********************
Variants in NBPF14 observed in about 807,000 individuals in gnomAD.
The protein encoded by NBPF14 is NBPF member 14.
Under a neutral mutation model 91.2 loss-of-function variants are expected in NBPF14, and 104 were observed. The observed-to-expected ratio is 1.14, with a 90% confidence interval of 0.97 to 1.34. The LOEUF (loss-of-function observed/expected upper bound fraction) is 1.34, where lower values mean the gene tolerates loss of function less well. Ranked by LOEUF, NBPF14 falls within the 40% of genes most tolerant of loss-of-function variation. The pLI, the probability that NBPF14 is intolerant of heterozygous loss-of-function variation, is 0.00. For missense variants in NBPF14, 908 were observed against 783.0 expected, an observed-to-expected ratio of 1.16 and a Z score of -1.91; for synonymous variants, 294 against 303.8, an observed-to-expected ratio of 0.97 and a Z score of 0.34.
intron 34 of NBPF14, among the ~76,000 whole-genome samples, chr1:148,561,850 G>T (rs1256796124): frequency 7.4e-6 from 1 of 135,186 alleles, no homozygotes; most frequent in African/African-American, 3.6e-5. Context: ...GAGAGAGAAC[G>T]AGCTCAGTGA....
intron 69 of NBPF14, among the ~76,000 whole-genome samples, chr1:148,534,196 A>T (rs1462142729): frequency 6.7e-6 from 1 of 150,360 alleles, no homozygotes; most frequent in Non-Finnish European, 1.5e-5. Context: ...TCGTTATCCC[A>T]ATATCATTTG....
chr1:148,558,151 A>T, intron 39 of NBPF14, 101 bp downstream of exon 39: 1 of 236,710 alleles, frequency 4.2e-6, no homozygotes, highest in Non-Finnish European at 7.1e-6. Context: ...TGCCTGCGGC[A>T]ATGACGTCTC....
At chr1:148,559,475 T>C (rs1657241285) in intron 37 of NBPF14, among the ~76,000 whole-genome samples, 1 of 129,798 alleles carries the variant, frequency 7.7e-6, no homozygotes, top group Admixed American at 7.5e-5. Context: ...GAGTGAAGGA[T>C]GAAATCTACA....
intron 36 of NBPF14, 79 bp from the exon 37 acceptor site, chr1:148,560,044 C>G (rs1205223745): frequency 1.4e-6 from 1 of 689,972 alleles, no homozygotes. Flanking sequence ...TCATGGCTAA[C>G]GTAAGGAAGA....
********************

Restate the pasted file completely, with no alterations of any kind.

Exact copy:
Variants in NBPF14 observed in about 807,000 individuals in gnomAD.
The protein encoded by NBPF14 is NBPF member 14.
Under a neutral mutation model 91.2 loss-of-function variants are expected in NBPF14, and 104 were observed. The observed-to-expected ratio is 1.14, with a 90% confidence interval of 0.97 to 1.34. The LOEUF (loss-of-function observed/expected upper bound fraction) is 1.34, where lower values mean the gene tolerates loss of function less well. Ranked by LOEUF, NBPF14 falls within the 40% of genes most tolerant of loss-of-function variation. The pLI, the probability that NBPF14 is intolerant of heterozygous loss-of-function variation, is 0.00. For missense variants in NBPF14, 908 were observed against 783.0 expected, an observed-to-expected ratio of 1.16 and a Z score of -1.91; for synonymous variants, 294 against 303.8, an observed-to-expected ratio of 0.97 and a Z score of 0.34.
intron 34 of NBPF14, among the ~76,000 whole-genome samples, chr1:148,561,850 G>T (rs1256796124): frequency 7.4e-6 from 1 of 135,186 alleles, no homozygotes; most frequent in African/African-American, 3.6e-5. Context: ...GAGAGAGAAC[G>T]AGCTCAGTGA....
intron 69 of NBPF14, among the ~76,000 whole-genome samples, chr1:148,534,196 A>T (rs1462142729): frequency 6.7e-6 from 1 of 150,360 alleles, no homozygotes; most frequent in Non-Finnish European, 1.5e-5. Context: ...TCGTTATCCC[A>T]ATATCATTTG....
chr1:148,558,151 A>T, intron 39 of NBPF14, 101 bp downstream of exon 39: 1 of 236,710 alleles, frequency 4.2e-6, no homozygotes, highest in Non-Finnish European at 7.1e-6. Context: ...TGCCTGCGGC[A>T]ATGACGTCTC....
At chr1:148,559,475 T>C (rs1657241285) in intron 37 of NBPF14, among the ~76,000 whole-genome samples, 1 of 129,798 alleles carries the variant, frequency 7.7e-6, no homozygotes, top group Admixed American at 7.5e-5. Context: ...GAGTGAAGGA[T>C]GAAATCTACA....
intron 36 of NBPF14, 79 bp from the exon 37 acceptor site, chr1:148,560,044 C>G (rs1205223745): frequency 1.4e-6 from 1 of 689,972 alleles, no homozygotes. Flanking sequence ...TCATGGCTAA[C>G]GTAAGGAAGA....